As we sniffed, nibbled and laughed, Carrie connected it all to the food being prepared for us: We would taste the lemon basil with the pickled sea beans and garlic scapes; the Thai basil was infused in a warm buttered radish soup with geoduck; lavender was used as a rub for the grilled lamb; and towards the end of the meal, we would have a delectable palate cleanser of cucumber-lime-basil sorbet.
By the time the tour ended, we had found our connection with the food being grown and Carrie had prepared us to engage a little bit deeper with the food we were about to eat.
The Basil Banquet
The Herbfarm features both individual and common tables / IMAGE: Herbfarm
Dinner service began with a glass of sparkling wine perfumed by a single, aromatic basil leaf fluttering near the bottom. It was a perfect, elegant start to an evening that only got better by the minute.
Each course was so elaborate and so beautifully prepared it was an absolute joy just to see them as they appeared in front of muse. And of course, they all incorporated basil to some degree, sometimes at the forefront of the dish and sometimes nearly imperceptibly so.
For example, the Thai basil was a bright, fresh addition to the salsa verde that accompanied the Lopez Island baked smelt in crispy chicken bread crumbs; Opal basil was used to enhance a side of English peas, Thumbelina carrots and wood-roasted Chanterelles; and we tasted a hint of green from the Genovese basil-infused honey that was presented with the Okanagan Maple Leaf cheese.
Wine with Every Course
The Herbfarm's wine cellar houses 26,000 bottles / IMAGE: Herbfarm
I’m not an oenophile by any stretch, but I do love wine pairings and even my amateur palate can appreciate how a perfectly chosen wine can elevate the dining experience. All meals are paired with five or six wines, each carefully chosen from among 26,000 bottles by resident sommelier Tysan Pierce. She’s been the director of the International Pinot Noir Celebration as well as an instructor for the International Sommelier Guild, so she knows her vintages. And of those wines, over 1,000 varieties are from Washington state alone, ensuring local food gets enhanced by local wines.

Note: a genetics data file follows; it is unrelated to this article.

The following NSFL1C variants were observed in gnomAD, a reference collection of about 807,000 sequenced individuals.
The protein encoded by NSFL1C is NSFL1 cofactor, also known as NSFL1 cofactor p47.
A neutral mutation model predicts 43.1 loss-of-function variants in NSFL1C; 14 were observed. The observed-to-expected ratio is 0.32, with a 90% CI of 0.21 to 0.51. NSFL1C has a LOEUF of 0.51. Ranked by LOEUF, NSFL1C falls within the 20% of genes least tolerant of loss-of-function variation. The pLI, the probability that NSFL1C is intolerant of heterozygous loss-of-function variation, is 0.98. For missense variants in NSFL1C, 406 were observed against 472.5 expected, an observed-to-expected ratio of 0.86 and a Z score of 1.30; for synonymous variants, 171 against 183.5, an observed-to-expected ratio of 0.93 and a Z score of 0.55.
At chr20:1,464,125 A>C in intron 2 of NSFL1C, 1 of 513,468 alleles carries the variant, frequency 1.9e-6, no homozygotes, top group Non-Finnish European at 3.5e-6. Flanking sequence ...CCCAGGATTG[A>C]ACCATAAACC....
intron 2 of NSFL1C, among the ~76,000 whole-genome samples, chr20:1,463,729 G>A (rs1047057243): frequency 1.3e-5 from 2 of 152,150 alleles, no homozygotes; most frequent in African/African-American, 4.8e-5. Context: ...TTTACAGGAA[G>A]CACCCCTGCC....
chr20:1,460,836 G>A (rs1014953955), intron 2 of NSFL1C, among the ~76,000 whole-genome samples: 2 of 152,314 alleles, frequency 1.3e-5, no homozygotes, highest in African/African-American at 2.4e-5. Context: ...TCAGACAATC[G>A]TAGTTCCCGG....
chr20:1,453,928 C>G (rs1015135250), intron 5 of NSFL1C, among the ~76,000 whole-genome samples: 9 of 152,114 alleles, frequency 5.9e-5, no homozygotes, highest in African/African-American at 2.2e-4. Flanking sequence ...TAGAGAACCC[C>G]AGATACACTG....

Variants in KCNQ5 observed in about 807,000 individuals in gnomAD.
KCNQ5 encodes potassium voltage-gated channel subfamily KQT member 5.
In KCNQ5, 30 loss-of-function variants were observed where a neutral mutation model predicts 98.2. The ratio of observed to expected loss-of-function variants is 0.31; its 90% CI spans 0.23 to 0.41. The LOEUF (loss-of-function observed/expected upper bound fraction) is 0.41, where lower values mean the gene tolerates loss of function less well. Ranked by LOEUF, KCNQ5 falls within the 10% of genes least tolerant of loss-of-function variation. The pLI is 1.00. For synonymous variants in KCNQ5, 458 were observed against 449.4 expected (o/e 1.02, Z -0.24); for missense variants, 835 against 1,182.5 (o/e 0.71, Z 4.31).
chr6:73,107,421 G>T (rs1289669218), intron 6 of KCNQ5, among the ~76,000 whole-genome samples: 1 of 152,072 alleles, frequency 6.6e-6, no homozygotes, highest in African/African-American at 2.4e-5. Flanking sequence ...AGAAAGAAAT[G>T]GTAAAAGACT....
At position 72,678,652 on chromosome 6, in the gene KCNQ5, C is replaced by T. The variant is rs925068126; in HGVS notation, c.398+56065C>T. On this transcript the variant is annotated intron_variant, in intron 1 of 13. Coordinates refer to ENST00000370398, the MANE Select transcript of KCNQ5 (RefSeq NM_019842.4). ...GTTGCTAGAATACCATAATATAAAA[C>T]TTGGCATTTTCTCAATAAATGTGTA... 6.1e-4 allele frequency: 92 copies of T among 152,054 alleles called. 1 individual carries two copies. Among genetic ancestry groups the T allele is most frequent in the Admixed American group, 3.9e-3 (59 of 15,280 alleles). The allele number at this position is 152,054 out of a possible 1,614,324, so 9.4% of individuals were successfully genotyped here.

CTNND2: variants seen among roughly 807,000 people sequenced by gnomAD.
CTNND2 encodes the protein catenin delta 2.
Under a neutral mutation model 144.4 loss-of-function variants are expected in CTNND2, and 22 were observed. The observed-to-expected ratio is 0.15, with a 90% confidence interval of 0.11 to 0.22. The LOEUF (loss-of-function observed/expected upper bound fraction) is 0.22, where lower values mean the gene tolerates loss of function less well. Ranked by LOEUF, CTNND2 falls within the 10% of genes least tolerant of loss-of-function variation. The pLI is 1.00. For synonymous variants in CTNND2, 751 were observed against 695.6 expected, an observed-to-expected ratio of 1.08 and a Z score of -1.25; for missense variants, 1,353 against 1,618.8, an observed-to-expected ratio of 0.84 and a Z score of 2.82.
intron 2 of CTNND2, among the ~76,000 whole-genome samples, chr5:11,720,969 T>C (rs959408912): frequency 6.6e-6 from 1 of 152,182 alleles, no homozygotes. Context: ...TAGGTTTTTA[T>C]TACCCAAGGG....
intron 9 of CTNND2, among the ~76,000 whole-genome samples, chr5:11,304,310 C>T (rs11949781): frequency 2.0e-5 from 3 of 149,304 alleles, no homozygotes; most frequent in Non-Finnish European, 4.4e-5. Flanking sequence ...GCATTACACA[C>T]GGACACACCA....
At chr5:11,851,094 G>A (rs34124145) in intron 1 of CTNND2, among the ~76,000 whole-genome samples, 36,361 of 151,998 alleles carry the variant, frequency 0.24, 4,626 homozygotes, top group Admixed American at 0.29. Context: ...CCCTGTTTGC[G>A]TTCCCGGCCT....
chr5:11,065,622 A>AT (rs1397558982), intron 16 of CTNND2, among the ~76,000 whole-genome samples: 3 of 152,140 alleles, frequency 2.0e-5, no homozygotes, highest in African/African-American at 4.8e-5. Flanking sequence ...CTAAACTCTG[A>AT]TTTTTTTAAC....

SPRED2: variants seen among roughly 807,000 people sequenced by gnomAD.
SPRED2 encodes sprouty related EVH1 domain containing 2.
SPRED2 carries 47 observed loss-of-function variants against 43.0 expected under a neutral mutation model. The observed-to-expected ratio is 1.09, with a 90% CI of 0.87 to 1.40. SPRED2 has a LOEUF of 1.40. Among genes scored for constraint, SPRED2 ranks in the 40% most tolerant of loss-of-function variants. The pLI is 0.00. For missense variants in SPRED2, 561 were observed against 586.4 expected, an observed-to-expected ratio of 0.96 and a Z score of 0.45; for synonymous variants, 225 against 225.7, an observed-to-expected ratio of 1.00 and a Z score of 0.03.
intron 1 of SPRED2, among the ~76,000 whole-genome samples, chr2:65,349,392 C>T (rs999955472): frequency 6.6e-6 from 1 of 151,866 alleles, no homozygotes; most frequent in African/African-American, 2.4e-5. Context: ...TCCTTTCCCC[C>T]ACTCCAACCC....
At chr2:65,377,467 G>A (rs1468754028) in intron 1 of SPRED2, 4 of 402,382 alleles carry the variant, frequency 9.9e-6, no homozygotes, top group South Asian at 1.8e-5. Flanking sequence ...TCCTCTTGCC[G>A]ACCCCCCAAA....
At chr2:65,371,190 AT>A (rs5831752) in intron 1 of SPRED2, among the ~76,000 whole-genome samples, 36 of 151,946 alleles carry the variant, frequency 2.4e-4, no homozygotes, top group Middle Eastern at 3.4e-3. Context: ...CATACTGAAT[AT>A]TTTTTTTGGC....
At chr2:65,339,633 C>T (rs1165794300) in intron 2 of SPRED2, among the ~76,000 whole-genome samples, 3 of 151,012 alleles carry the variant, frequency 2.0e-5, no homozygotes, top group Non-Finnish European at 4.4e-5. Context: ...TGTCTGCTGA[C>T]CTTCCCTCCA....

One of the nicest aspects of the dinner was the fact that we were sharing it with other foodies sitting at our table. The Herbfarm offers a European common table seating option – especially fantastic for solo diners. It seemed like most people took that option on the night I was there, which makes sense if you think about food as a celebration– it’s something best shared and experienced with others as a social event.
And there was lots of celebrating at our table: one couple was celebrating their 10th anniversary, there was a woman with her family celebrating her 70th birthday, and then there were the newlyweds from Philadelphia who planned their entire honeymoon around coming to the Herbfarm for this one spectacular meal.
A meal at The Herbfarm is an occasion to celebrate / IMAGE: Herbfarm
As we left, sated and blissful, we could smell smoke wafting over from the outdoor wood-burning oven, already roasting something in preparation for tomorrow night’s feast. Food at its finest is part of a cycle that never rests.
Catherine Tse is a freelance writer and editor based in Vancouver. From the Great Wall of China to Sydney’s Opera House to the Blue Lagoon in Iceland, Catherine loves an adventure and loves to share them with her readers.